Staff Publications

Staff Publications

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    'Staff publications' is the digital repository of Wageningen University & Research

    'Staff publications' contains references to publications authored by Wageningen University staff from 1976 onward.

    Publications authored by the staff of the Research Institutes are available from 1995 onwards.

    Full text documents are added when available. The database is updated daily and currently holds about 240,000 items, of which 72,000 in open access.

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Record number 501820
Title Gene expression profiling of the green seed problem in Soybean
Author(s) Nogueira Teixeira, Renake; Ligterink, Wilco; B. França-Neto, José de; Hilhorst, H.W.M.; Silva, E.A.A. da
Source BMC Plant Biology 16 (2016)1. - ISSN 1471-2229
DOI https://doi.org/10.1186/s12870-016-0729-0
Department(s) Laboratory of Plant Physiology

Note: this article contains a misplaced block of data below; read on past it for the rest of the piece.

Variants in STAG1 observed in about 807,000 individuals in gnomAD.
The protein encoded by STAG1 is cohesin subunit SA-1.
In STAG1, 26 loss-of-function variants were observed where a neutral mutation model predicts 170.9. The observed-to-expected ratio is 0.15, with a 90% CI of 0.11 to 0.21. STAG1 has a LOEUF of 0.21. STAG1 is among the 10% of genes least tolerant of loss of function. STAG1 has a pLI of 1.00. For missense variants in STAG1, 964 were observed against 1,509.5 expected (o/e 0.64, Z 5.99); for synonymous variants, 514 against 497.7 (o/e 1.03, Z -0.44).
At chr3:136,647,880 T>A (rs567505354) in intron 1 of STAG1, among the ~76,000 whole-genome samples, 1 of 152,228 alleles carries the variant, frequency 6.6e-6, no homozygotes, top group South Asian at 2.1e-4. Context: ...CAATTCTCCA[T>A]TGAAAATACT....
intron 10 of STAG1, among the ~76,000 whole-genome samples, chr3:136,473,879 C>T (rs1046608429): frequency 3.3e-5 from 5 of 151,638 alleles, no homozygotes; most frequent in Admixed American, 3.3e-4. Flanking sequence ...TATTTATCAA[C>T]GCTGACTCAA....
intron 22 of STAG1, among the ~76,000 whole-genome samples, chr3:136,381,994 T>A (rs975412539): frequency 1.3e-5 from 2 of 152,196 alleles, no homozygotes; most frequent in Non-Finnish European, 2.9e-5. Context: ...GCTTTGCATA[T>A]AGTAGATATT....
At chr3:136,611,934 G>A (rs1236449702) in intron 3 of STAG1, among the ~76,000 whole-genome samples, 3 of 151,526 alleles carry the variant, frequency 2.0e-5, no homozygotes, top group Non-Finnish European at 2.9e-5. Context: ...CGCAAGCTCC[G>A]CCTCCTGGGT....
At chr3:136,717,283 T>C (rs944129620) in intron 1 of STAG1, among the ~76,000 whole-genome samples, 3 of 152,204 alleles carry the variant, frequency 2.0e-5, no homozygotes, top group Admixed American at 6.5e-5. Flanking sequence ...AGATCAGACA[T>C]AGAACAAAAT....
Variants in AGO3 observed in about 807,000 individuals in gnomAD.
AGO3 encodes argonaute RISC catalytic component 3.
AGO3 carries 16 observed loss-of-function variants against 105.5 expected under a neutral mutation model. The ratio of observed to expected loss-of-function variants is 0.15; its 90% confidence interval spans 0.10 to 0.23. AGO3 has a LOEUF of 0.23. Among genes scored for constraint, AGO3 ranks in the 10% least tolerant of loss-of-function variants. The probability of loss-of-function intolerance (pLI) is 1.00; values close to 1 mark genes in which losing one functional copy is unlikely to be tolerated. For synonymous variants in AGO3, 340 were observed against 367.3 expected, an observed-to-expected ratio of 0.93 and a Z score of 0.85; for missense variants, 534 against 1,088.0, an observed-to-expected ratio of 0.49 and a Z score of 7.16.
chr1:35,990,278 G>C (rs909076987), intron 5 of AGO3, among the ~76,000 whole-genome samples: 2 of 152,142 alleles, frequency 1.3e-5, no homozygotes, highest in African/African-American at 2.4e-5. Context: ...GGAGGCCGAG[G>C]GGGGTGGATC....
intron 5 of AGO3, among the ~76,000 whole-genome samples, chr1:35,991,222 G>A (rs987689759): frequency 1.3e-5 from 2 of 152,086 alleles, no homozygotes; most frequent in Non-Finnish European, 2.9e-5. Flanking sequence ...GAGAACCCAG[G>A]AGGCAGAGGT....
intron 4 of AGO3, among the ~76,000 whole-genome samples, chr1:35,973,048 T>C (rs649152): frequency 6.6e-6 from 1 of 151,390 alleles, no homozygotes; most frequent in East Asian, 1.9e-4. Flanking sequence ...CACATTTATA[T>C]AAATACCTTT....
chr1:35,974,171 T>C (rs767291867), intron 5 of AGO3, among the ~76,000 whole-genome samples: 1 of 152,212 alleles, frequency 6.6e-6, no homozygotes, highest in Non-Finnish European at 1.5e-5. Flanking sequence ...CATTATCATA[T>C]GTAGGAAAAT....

EPS
Publication type Refereed Article in a scientific journal
Publication year 2016
Keyword(s) Chlorophyll retention - Differential expression - Drought stress - Green seeds - Heat stress - Seed quality
Abstract

Background: Due to the climate change of the past few decades, some agricultural areas in the world are now experiencing new climatic extremes. For soybean, high temperatures and drought stress can potentially lead to the "green seed problem", which is characterized by chlorophyll retention in mature seeds and is associated with lower oil and seed quality, thus negatively impacting the production of soybean seeds. Results: Here we show that heat and drought stress result in a "mild" stay-green phenotype and impaired expression of the STAY-GREEN 1 and STAY-GREEN 2 (D1, D2), PHEOPHORBIDASE 2 (PPH2) and NON-YELLOW COLORING 1 (NYC1_1) genes in soybean seeds of a susceptible soybean cultivar. We suggest that the higher expression of these genes in fully mature seeds of a tolerant cultivar allows these seeds to cope with stressful conditions and complete chlorophyll degradation. Conclusions: The gene expression results obtained in this study represent a significant advance in understanding chlorophyll retention in mature soybean seeds produced under stressful conditions. This will open new research possibilities towards finding molecular markers for breeding programs to produce cultivars which are less susceptible to chlorophyll retention under the hot and dry climate conditions which are increasingly common in the largest soybean production areas of the world.

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